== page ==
How Do You Embroider Letters by Hand?

I am often asked "how do you embroider letters" so as I wanted to add my initials to the crazy quilt block I am working on, I thought I would bring you along with me.

I picked a large dark blue patch to work on. My disappearing ink pen would not work directly on this colour, and I wanted to play with the letters to ensure they fitted in the space. Therefore...

letters drawn on stabilizerHow do you embroider letters? Start by drawing them on washaway stabilizer

Preparing To Stitch

... I decided to use washaway embroidery stabilizer to first draw my letters out on. As it is translucent I could then lay it on the block to see if it was the right size. Both the stabilizer and the pen marks will wash away leaving no evidence.

I put the block in an embroidery hoop, and set it up in my clamp so it didn't move while I stitched and also videoed part of the process. 

I advise pinning the stabilzer in place, so it doesn't move, but as you see from the photo, I only had a spare needle on hand so used that. 

 

Materials Used

The patch I am working on is a blue velveteen fabric, and the crazy quilt block is backed with a thin cotton for support.

For more about suitable fabrics click here to go to the hand embroidery for beginners page. 

I used DMC stranded embroidery floss, in colour numbers 827, 156 and 161 for the first letter. I threaded two strands in the embroidery needle at a time. 

begin split stitch around the first letterBeginning the first round of split stitch

Choosing Embroidery Stitches

I decided to fill in the letter C with rows of split stitch. This versatile stitch can be used both for this purpose and for outlining. I also use it to outline shapes that I am going to fill in with satin stitch, as I did on the raised initial I stitched for my Mum's birthday. 

You can see a tulip picture worked in split stitch, stem stitch and french knots here. 

First round of split stitch completedFirst round of split stitch completed

When working on a stand, I knot my threads and leave them on the front of the work while stitching, then snip them off and take the thread to the back when finished. I also bring the short ends to the front and leave them to fasten off later. This helps to avoid tangles on the back and saves me from turning the hoop over every time I use a new piece of thread. 

To start the stitching I make a medium length stitch, beginning at the point of the C, then bring the needle back though the middle of the stitch, between the two strands. I move along the outline, putting the needle down through the fabric and back up through the stitch, hence the name split stitch. 

working the second round of split stitchWorking the second round of split stitch in another coloured thread

After working around the letter using the pale blue, I changed to the medium mauve thread and worked another round inside, keeping the rows close together. I then put my embroidery down for the night as the light was fading. 

As I was up early the next morning, I decided to record a video showing how to embroider a letter in split stitch. The photo below shows how it looked Just before I finished it. I will soak the piece in water later to remove the stabilizer.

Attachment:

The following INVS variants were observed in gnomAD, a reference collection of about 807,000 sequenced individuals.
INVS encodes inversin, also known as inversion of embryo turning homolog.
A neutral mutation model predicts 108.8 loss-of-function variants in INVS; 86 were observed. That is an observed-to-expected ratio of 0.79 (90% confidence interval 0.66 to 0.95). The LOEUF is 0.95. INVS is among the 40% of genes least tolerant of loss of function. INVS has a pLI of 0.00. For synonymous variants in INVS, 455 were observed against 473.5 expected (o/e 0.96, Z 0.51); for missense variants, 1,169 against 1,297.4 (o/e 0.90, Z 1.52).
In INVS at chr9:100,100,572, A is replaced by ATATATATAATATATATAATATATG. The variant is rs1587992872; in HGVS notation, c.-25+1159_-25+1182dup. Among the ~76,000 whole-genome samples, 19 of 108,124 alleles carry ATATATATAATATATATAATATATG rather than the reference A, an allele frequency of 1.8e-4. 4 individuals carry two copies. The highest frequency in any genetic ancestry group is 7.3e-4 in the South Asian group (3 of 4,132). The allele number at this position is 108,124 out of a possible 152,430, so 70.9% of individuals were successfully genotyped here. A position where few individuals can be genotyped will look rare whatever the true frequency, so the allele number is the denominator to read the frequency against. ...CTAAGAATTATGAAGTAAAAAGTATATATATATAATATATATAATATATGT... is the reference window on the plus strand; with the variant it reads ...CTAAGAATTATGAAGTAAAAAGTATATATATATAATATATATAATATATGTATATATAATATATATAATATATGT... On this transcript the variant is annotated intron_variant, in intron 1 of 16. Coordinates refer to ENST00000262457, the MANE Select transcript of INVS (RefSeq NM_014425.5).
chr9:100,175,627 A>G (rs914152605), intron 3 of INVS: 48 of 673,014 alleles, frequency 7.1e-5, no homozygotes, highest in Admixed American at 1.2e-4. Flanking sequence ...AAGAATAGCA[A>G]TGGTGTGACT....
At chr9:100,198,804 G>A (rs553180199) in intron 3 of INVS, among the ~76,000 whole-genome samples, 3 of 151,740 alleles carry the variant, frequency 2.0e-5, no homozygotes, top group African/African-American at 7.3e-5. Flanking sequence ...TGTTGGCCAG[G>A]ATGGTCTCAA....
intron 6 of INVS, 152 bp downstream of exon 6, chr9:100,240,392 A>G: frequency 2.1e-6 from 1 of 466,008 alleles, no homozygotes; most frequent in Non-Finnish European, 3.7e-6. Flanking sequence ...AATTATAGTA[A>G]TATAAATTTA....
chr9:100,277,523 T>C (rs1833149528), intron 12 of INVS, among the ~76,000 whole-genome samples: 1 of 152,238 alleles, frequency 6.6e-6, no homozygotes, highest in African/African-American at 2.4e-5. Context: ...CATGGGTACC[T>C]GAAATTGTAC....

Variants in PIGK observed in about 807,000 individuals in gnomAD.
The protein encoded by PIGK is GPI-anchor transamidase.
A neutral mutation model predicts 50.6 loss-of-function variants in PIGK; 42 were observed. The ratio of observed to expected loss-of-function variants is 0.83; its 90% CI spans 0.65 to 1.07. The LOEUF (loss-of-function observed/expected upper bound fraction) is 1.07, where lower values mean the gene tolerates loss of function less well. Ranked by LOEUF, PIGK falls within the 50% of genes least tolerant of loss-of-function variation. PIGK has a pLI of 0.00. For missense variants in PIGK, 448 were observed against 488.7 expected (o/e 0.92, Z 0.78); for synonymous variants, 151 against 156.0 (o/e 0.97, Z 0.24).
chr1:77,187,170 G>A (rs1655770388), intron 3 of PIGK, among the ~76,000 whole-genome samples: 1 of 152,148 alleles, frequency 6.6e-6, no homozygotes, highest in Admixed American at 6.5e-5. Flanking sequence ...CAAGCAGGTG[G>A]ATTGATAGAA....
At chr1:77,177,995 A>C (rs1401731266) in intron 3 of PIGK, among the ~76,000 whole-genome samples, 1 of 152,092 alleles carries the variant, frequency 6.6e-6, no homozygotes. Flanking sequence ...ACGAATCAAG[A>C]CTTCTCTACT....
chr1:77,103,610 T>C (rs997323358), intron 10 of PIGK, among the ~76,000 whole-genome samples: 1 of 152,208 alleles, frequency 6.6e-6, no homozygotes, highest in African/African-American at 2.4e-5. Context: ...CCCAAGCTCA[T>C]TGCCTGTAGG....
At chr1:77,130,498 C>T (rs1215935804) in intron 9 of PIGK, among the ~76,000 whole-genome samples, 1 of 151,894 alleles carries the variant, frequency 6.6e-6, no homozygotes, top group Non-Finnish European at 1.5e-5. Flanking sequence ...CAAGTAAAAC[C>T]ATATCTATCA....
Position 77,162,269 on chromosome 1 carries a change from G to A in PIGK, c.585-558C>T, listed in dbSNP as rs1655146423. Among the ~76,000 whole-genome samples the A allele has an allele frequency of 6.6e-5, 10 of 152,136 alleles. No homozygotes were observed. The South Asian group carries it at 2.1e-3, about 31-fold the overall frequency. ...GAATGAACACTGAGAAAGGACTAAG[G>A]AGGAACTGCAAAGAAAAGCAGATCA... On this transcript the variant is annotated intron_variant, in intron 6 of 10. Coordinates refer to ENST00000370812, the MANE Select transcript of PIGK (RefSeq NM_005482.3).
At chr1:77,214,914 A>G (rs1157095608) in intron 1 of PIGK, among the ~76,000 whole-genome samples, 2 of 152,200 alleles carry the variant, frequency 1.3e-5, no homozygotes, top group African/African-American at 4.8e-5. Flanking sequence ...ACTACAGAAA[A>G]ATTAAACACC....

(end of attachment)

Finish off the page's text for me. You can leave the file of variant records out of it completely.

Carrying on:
letter C worked in split stitch

Embroidering a letter in backstitch

I decided to use backstitch to outline the letter A in my initials. I may whip the stitches but will leave that decision for later.

Backstitch is an ideal choice for outlining shapes or letters because it creates a clean, crisp line that's easy to control. Its simplicity also makes it a great stitch for beginners.

I started by using the middle toned thread and began stitching thinking the video was running. Ooops! I soon realized my mistake and switched it on for the rest of the outline. 

Backstitch is a basic embroidery stitch that is ideal for outlining shapes or in this case letters. 

You start with a small straight stitch then bring the needle back to the front a stitch length ahead. The next movement is backwards, taking the needle down in the same hole that you went down in for the previous stitch. 

I changed to the darker thread for part of the letter, to keep the shaded effect going on. 

Backstitched letter A

Decision Making

I felt the L was a little too far away from the other two letters so cut it away from the stabilizer, so I could reposition it.

As you work on your design, don't be afraid to make adjustments as needed. In this case, repositioning the letter L ensured a better balance in my overall design.

I soaked the stabilizer behind the first two letters and rubbed it away with a soft cloth to reveal the work so far. As the sun was shining I left the work outside for a while to dry. 

rubbing away the wet stabilizer

I made the decision to whip the backstitch with the same green floss that I had used nearby (166). To do this I just slipped the threaded needle under each stitch, without going through the fabric. This gives a rope like effect to the existing stitching by covering the areas where the stitches go through the fabric. 

The first two letters done

The Final Letter

I repositioned the stabilizer for the last letter and decided to simplify it somewhat from my original sketch. Easy to do when the sketch is on the stabilizer.

The stitch I used for this was coral knot, which added a bit of texture. I used a pale blue Perl√© in DMC 800 for this. 

I will likely add some flowers around the letters to fill in some of the blank space, but hadn't finalised the decision at the point where I took the photo below.

coral knot letter

By incorporating these techniques and considerations into your embroidery project, you can create a unique and personalized piece that reflects your personality and style. Happy stitching!

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